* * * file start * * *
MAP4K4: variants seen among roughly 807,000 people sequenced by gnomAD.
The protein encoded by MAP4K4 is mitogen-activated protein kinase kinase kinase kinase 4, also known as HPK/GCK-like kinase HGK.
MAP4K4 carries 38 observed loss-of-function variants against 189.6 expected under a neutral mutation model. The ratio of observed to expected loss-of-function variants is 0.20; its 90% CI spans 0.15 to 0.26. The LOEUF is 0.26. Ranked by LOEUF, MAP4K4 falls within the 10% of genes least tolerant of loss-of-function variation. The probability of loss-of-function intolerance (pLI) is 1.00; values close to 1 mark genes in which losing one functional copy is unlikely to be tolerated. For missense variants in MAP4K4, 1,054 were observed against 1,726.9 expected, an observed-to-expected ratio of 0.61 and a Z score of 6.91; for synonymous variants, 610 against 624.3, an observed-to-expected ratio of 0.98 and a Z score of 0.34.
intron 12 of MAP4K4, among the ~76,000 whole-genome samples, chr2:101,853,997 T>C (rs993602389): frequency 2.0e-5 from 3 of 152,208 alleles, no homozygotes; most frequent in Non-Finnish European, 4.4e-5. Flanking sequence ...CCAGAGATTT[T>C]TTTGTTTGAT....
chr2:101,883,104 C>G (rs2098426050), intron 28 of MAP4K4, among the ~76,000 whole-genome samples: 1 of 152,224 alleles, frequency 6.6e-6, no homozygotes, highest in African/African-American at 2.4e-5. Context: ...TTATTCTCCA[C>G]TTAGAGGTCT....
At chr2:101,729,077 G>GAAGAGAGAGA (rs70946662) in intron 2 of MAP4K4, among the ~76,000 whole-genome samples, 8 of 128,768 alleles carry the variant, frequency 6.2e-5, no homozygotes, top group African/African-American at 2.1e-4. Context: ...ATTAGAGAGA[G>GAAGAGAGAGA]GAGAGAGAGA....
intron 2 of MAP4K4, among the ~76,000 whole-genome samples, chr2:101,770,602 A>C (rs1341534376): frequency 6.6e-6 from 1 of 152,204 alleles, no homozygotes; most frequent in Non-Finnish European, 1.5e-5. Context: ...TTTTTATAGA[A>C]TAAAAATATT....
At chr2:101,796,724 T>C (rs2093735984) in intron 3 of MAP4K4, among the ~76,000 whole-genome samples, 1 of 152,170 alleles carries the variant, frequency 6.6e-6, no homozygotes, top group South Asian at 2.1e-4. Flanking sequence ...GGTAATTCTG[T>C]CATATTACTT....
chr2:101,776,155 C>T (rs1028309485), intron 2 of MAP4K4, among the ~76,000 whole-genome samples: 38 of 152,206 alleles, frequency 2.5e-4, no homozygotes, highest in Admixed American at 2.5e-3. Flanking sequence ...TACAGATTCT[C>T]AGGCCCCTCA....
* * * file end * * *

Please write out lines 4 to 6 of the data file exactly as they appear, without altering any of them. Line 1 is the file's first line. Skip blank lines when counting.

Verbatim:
intron 12 of MAP4K4, among the ~76,000 whole-genome samples, chr2:101,853,997 T>C (rs993602389): frequency 2.0e-5 from 3 of 152,208 alleles, no homozygotes; most frequent in Non-Finnish European, 4.4e-5. Flanking sequence ...CCAGAGATTT[T>C]TTTGTTTGAT....
chr2:101,883,104 C>G (rs2098426050), intron 28 of MAP4K4, among the ~76,000 whole-genome samples: 1 of 152,224 alleles, frequency 6.6e-6, no homozygotes, highest in African/African-American at 2.4e-5. Context: ...TTATTCTCCA[C>G]TTAGAGGTCT....
At chr2:101,729,077 G>GAAGAGAGAGA (rs70946662) in intron 2 of MAP4K4, among the ~76,000 whole-genome samples, 8 of 128,768 alleles carry the variant, frequency 6.2e-5, no homozygotes, top group African/African-American at 2.1e-4. Context: ...ATTAGAGAGA[G>GAAGAGAGAGA]GAGAGAGAGA....